Lake Karāpiro is quiet and still now. But last week, it was all noise and splashing water with over 3500 paddlers charging across the surface in outrigger canoes.
One of them was New Zealand waka ama legend Corrina Gage.
The 58-year-old was back with her crew, Whaea Engines, competing at the waka ama sprint national championships. Both competitor and coach for the Ruamata Waka Ama Club in Rotorua, Gage has raced at every national sprint championship since the annual event started in New Zealand in 1990.
And even after three decades, Gage’s competitiveness and love for the sport hasn’t changed. But her mindset and growth have evolved.
“Through your sport your motivations change, eh,” says Gage, who’s represented New Zealand in rafting, dragon boating and waka ama. “Initially, it’s absolutely about winning and there’s nothing wrong with that because you have to learn that discipline of training and what’s required for higher performances.
“However, how many medals does a person need? There’s that point where you start to transition, and your ego doesn’t require as much stroking. And once you’ve got those things under your belt and you’ve had that satisfaction, then you can move on.”
The water sport enthusiast has won multiple domestic and international titles across her water codes and travelled the world for sport. Before waka ama, Gage came from an adventure sport background.
“I started in whitewater kayaking as a kid, went into multi-sport, did flat water, represented New Zealand in some marathon kayaking races, also dragon boating, and then onto outrigger canoeing,” says Gage, who has whakapapa to Ngāti Tūwharetoa, Tainui and Te Whānau-ā- Apanui. She still dabbles in whitewater rafting.
In the three events Gage’s Whaea Engine crew competed at sprint nationals, they won the senior master women’s double hull and the turns 1000m race and were second in the W6 500m event. Not bad considering they had three paddlers filling in on the team for the regatta.
“It’s always hard to swallow a second,” says Gage. “However, given that the combination we had [on the day] hadn’t paddled together at all, I can’t be unhappy with second. And the crew that beat us most definitely deserved the win.”
But it was her coaching contribution at nationals that stood out for Gage.
“Absolutely without doubt, the most satisfying moment for me was seeing the young men that I’ve been coaching from our club, Ruamata, come second in the double hull; then they won the turns race and came third in the 500m,” she says. “Coaching young men is very satisfying to me as a female coach. I’ve coached men’s crews before but they’re not always that open to being coached by females.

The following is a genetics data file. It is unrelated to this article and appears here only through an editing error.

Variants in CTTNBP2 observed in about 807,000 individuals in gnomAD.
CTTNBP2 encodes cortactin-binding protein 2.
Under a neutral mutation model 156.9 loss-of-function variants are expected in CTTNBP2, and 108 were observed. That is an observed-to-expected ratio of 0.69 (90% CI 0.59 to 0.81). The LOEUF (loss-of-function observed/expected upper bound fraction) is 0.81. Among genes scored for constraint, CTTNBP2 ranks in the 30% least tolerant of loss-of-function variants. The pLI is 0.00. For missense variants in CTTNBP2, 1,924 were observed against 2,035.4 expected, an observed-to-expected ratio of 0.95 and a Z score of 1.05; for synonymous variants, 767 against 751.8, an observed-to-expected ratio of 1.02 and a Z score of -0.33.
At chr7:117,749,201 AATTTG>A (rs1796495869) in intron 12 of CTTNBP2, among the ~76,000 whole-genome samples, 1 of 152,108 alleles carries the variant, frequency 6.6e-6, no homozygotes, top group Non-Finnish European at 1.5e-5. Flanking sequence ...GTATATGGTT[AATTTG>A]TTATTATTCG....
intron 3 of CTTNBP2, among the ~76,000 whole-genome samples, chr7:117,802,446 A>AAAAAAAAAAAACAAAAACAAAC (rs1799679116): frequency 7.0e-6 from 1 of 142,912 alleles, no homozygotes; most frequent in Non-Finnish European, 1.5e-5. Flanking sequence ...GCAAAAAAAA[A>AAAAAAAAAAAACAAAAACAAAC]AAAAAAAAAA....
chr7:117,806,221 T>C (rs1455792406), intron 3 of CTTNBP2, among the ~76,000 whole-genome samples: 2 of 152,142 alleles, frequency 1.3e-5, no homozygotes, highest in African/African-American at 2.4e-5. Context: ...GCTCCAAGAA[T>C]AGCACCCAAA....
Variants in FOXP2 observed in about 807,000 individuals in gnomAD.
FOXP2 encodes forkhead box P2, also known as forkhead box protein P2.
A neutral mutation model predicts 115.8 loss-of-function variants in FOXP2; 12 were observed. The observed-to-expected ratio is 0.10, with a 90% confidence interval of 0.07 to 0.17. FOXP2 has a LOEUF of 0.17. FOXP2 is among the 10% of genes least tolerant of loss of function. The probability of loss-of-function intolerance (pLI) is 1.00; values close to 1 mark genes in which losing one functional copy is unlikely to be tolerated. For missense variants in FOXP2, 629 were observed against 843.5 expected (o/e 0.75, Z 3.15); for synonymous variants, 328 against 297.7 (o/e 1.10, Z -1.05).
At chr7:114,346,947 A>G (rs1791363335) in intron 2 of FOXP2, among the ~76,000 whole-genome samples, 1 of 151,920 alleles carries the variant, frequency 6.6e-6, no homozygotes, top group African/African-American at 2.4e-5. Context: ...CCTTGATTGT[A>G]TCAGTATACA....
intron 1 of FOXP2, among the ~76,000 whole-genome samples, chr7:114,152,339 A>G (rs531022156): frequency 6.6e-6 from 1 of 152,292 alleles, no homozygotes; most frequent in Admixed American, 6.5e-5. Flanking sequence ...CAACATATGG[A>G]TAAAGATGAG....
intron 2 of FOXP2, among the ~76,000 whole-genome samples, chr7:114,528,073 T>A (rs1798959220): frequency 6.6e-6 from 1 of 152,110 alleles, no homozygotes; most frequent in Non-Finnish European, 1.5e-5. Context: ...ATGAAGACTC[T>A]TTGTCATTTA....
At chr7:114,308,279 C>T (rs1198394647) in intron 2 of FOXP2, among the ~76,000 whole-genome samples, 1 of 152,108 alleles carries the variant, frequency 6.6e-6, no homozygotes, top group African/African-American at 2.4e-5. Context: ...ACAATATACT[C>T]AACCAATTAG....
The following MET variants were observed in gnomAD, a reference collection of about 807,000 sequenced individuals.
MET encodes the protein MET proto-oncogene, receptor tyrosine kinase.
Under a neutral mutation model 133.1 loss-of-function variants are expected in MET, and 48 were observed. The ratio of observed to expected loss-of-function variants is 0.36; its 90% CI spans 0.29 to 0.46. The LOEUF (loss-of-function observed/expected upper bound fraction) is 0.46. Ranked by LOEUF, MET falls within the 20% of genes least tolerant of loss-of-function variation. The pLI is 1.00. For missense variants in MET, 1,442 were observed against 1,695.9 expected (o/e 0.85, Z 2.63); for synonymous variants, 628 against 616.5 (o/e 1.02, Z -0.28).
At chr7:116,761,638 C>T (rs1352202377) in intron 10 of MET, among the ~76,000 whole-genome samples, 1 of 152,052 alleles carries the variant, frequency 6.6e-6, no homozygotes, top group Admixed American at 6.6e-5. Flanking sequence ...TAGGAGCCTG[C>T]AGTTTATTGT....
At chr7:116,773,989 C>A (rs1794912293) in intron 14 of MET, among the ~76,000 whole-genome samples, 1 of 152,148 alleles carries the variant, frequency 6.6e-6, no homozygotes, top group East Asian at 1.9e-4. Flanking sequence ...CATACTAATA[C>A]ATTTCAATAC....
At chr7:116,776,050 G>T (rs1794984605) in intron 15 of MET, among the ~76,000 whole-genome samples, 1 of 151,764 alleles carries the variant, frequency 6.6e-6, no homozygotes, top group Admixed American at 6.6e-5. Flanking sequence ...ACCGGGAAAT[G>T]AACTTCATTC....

“But these young men were outstanding. They asked me if I would help and they are so willing to engage and try different things. Seeing our young Māori men, at that age in particular, portraying healthy lifestyles, good relationships between males, and being good men, just being a part of that has been amazing.” The crew ranged in age between 18 to late 20s.
In comparison to the mainstream water sports, Gage says the unique point of difference with waka ama is the option to compete in a single or crew boat.
“And that’s huge,” she says. “When you’re doing an individual sport, you’re continually having to keep yourself motivated, apart from the support people around you. Then you go into a crew sport and you have others relying on you.”
It’s something Gage has welcomed as her career has advanced and shown in administrative roles in the governance side of the sport too.
Unlike other sports, age is no barrier in waka ama. Competitors over the week were as young as five and mature as 83.
“It still allows you to be competitive within an age group and you’re progressing with your peers through the sport,” Gage says. “The other significant thing is the variety within the sport. As with kayaking, you’ve got white water kayaking and flat water. I was lucky to experience both of them but they’re still individual.”
The biggest drawcard for Gage – and the main reason she stays in the sport – is the option to compete in open ocean racing.
“At 58, I can still be in competitive crews who are giving the 20-year-olds a hard time in the ocean,” she says. “And it’s a technical racing day, so you don’t just get away with being fit on the day.
“You have to be able to read what’s happening with the conditions, have the skills required to cope with those changing conditions, be able to keep six people fully synchronised through whatever is happening and have that mental endurance over distance races.” The open water races can range from one-and-a-half to six hours.
This aspect of the sport has given Gage some of her biggest moments in her career.
The “Super Bowl” of ocean paddling for women is Na Wahine o Ke Kai – a race in Hawaii that goes from the island of Moloka’i back to Oahu, finishing in Honolulu on Waikiki Beach. Gage has raced in the renowned event almost 20 times.
“There’s nothing like the feeling of crossing an ocean and there are no other canoes ahead of you when you come in to the finish line,” says Gage. “And you might’ve started with anything up to 100 canoes on the start line.”